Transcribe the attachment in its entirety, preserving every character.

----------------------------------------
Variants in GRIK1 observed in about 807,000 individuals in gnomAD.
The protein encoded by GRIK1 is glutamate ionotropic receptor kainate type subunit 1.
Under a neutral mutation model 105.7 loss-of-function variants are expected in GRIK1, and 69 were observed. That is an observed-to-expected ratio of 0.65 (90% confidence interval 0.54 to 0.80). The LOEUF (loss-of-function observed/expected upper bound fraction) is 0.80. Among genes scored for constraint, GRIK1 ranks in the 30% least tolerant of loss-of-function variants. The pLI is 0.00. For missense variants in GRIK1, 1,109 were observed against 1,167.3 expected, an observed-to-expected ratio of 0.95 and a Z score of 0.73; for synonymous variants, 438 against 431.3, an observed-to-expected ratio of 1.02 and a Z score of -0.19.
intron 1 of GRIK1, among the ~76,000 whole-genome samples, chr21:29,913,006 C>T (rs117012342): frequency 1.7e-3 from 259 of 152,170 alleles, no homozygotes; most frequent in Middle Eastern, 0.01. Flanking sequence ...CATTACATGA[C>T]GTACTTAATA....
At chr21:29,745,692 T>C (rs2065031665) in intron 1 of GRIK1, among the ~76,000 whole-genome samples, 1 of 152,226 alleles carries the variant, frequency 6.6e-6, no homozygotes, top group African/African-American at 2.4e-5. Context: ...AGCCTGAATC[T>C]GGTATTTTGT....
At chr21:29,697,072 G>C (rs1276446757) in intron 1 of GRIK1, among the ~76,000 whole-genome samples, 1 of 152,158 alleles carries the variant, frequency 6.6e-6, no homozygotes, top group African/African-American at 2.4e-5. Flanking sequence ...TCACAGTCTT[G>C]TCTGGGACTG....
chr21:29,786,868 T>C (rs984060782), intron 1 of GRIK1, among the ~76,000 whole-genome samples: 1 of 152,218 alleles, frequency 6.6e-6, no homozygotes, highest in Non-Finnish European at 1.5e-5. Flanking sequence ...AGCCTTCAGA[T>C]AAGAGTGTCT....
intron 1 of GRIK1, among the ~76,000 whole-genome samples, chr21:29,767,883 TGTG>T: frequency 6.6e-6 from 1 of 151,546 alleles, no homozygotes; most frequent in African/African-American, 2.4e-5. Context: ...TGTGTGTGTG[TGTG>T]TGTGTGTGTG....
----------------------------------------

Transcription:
Variants in GRIK1 observed in about 807,000 individuals in gnomAD.
The protein encoded by GRIK1 is glutamate ionotropic receptor kainate type subunit 1.
Under a neutral mutation model 105.7 loss-of-function variants are expected in GRIK1, and 69 were observed. That is an observed-to-expected ratio of 0.65 (90% confidence interval 0.54 to 0.80). The LOEUF (loss-of-function observed/expected upper bound fraction) is 0.80. Among genes scored for constraint, GRIK1 ranks in the 30% least tolerant of loss-of-function variants. The pLI is 0.00. For missense variants in GRIK1, 1,109 were observed against 1,167.3 expected, an observed-to-expected ratio of 0.95 and a Z score of 0.73; for synonymous variants, 438 against 431.3, an observed-to-expected ratio of 1.02 and a Z score of -0.19.
intron 1 of GRIK1, among the ~76,000 whole-genome samples, chr21:29,913,006 C>T (rs117012342): frequency 1.7e-3 from 259 of 152,170 alleles, no homozygotes; most frequent in Middle Eastern, 0.01. Flanking sequence ...CATTACATGA[C>T]GTACTTAATA....
At chr21:29,745,692 T>C (rs2065031665) in intron 1 of GRIK1, among the ~76,000 whole-genome samples, 1 of 152,226 alleles carries the variant, frequency 6.6e-6, no homozygotes, top group African/African-American at 2.4e-5. Context: ...AGCCTGAATC[T>C]GGTATTTTGT....
At chr21:29,697,072 G>C (rs1276446757) in intron 1 of GRIK1, among the ~76,000 whole-genome samples, 1 of 152,158 alleles carries the variant, frequency 6.6e-6, no homozygotes, top group African/African-American at 2.4e-5. Flanking sequence ...TCACAGTCTT[G>C]TCTGGGACTG....
chr21:29,786,868 T>C (rs984060782), intron 1 of GRIK1, among the ~76,000 whole-genome samples: 1 of 152,218 alleles, frequency 6.6e-6, no homozygotes, highest in Non-Finnish European at 1.5e-5. Flanking sequence ...AGCCTTCAGA[T>C]AAGAGTGTCT....
intron 1 of GRIK1, among the ~76,000 whole-genome samples, chr21:29,767,883 TGTG>T: frequency 6.6e-6 from 1 of 151,546 alleles, no homozygotes; most frequent in African/African-American, 2.4e-5. Context: ...TGTGTGTGTG[TGTG>T]TGTGTGTGTG....